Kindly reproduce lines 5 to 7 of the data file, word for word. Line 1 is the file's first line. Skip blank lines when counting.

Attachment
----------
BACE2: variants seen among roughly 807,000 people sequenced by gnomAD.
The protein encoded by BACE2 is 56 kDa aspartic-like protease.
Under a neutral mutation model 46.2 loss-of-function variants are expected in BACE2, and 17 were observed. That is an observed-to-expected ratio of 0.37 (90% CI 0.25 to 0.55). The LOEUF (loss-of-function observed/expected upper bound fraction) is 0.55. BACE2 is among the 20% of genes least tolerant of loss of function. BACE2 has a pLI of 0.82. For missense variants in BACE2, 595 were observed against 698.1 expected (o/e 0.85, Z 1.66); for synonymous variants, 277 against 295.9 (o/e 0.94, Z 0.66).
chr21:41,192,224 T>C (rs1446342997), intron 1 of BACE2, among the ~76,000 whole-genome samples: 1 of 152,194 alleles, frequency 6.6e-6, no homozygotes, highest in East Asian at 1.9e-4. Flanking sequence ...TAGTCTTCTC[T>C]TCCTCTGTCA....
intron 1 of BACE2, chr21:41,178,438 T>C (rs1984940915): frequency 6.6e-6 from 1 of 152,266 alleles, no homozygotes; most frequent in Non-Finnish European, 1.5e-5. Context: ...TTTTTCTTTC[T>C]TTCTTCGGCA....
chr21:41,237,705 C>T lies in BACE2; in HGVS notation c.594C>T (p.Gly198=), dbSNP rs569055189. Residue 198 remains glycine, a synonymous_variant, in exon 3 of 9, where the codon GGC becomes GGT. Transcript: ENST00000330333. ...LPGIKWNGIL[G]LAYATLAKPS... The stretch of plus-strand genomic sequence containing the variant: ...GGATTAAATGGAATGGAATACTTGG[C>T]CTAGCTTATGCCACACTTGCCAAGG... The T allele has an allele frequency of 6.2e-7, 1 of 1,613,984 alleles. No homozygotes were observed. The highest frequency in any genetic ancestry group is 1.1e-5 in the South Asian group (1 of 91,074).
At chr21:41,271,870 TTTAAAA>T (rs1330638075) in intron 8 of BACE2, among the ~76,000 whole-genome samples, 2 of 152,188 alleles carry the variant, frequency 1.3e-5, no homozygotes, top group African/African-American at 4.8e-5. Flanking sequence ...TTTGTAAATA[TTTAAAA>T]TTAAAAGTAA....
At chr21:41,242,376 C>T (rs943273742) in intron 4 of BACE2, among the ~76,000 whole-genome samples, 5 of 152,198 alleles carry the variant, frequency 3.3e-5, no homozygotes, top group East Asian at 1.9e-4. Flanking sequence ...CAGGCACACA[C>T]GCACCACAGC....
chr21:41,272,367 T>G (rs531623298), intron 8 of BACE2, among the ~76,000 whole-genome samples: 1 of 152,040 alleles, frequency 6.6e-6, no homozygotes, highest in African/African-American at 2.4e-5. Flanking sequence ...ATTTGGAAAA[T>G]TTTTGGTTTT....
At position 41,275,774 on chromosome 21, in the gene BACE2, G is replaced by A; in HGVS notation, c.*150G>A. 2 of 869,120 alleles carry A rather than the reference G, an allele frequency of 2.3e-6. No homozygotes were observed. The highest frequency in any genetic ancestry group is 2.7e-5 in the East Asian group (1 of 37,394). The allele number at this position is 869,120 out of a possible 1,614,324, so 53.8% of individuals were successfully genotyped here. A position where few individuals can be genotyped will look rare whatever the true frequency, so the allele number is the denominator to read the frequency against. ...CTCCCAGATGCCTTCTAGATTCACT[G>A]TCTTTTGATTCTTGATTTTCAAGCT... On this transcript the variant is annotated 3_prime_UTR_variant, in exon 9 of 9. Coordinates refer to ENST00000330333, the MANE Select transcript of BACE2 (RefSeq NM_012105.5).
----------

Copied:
intron 1 of BACE2, chr21:41,178,438 T>C (rs1984940915): frequency 6.6e-6 from 1 of 152,266 alleles, no homozygotes; most frequent in Non-Finnish European, 1.5e-5. Context: ...TTTTTCTTTC[T>C]TTCTTCGGCA....
chr21:41,237,705 C>T lies in BACE2; in HGVS notation c.594C>T (p.Gly198=), dbSNP rs569055189. Residue 198 remains glycine, a synonymous_variant, in exon 3 of 9, where the codon GGC becomes GGT. Transcript: ENST00000330333. ...LPGIKWNGIL[G]LAYATLAKPS... The stretch of plus-strand genomic sequence containing the variant: ...GGATTAAATGGAATGGAATACTTGG[C>T]CTAGCTTATGCCACACTTGCCAAGG... The T allele has an allele frequency of 6.2e-7, 1 of 1,613,984 alleles. No homozygotes were observed. The highest frequency in any genetic ancestry group is 1.1e-5 in the South Asian group (1 of 91,074).
At chr21:41,271,870 TTTAAAA>T (rs1330638075) in intron 8 of BACE2, among the ~76,000 whole-genome samples, 2 of 152,188 alleles carry the variant, frequency 1.3e-5, no homozygotes, top group African/African-American at 4.8e-5. Flanking sequence ...TTTGTAAATA[TTTAAAA>T]TTAAAAGTAA....